Stories of interest you might have missed…
Derek Lawrenson of the Daily Mail is the latest to analyze U.S. Ryder Cup captain Tom Watson's captain's picks and wondering whether he erred. "Watson overlooking Chris Kirk in favour of Webb Simpson is looking a bigger mistake with each passing day," he writes, "while Billy Horschel's emergence a week late for wild card consideration is indicative of the sort of misfortune America can ill afford."
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"Taking the mickey" is a British term for teasing someone, and Sam Torrance, the European Ryder Cup captain in 2002, took one for the team on the eve of the competition. One of his players, Pierre Fulke, called with an urgent problem that "only you can solve," as recounted in this Telegraph story by Jim White on Torrance's experiences as captain. "I wrap a towel round me and open the door and he's standing there in his suit, shirt open. He's ashen….Then he brings his tie from behind his back and says: I can't do my tie'. The little ... But that's exactly what I wanted. Brilliant. Talk about taking the mickey. I knew from then on we'd be OK. Relax with the captain, take the mickey, that's the way to build a team."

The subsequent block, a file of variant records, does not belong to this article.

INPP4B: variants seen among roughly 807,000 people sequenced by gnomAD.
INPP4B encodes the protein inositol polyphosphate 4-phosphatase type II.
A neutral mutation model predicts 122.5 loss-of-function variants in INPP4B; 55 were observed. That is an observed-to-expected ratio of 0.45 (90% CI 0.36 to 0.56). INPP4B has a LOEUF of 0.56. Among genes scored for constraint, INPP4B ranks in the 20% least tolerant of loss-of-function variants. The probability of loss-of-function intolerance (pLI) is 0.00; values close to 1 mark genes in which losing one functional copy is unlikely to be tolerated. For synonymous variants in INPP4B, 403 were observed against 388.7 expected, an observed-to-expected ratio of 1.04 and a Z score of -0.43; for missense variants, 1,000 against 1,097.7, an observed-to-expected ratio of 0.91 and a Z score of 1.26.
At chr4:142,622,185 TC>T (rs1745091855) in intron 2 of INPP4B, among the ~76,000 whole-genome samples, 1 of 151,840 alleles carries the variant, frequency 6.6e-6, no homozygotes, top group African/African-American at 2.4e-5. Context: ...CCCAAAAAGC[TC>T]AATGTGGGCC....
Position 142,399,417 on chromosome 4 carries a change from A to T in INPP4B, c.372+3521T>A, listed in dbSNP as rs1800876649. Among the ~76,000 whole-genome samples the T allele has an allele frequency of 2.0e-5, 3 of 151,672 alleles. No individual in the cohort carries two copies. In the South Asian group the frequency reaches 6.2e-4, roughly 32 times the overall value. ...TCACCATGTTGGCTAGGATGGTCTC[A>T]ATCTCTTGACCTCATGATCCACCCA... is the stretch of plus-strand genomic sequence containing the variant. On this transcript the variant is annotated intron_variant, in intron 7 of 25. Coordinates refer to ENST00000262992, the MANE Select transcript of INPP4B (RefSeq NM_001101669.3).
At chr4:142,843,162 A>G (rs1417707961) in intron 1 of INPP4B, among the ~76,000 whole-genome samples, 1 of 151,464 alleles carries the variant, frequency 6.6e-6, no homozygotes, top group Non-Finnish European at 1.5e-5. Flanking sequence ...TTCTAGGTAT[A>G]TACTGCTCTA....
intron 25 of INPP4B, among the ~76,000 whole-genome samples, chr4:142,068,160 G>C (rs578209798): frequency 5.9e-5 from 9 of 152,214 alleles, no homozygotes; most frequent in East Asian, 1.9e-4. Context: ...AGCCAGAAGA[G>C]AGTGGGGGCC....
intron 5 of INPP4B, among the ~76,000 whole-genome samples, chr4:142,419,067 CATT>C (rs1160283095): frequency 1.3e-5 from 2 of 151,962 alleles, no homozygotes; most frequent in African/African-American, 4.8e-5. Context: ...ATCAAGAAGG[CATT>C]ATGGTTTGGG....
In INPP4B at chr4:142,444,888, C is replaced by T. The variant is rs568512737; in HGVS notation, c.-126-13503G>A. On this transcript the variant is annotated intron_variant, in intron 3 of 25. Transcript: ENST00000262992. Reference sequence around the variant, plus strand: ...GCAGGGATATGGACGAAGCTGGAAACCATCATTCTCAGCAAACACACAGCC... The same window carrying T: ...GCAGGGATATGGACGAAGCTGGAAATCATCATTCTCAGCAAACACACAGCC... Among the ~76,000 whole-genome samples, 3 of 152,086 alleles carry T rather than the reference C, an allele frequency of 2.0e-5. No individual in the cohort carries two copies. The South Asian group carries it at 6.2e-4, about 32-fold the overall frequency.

The last time the Ryder Cup was played in Europe, in Wales in 2010, inclement weather pushed the finish to Monday. "Contingency plans are in place for a similar scenario this time around, but match director Edward Kitson insisted one weather hiccup in the build-up wasn't giving him any undue concern," Martin Dempster writes in the Scotsman in this look at the fall weather in Scotland and the potential for calamity.
"The tradition and history makes getting a tee time at St. Andrews a tough proposition. St. Andrews's daily ballot system…is wonderfully democratic but it's also a long-odds lottery, especially during the busy summer months. The other four Scottish courses on the Open rotation aren't much easier." Fionn Davenport of the Irish Times writes about the difficulty obtaining tee times on the renowned Scottish links and offers up some appealing alternatives.
One-fourth of the victorious European Solheim Cup last year was made up of Spaniards. "Honestly, I am less and less surprised every day," Marta Figueras-Dotti said of the success enjoyed by Spain's women's golf contingent. Figueras-Dotti, a former LPGA player, has been the principal figure in the Spaniards' rise on the international stage, according to this story by Lisa Mickey in the New York Times.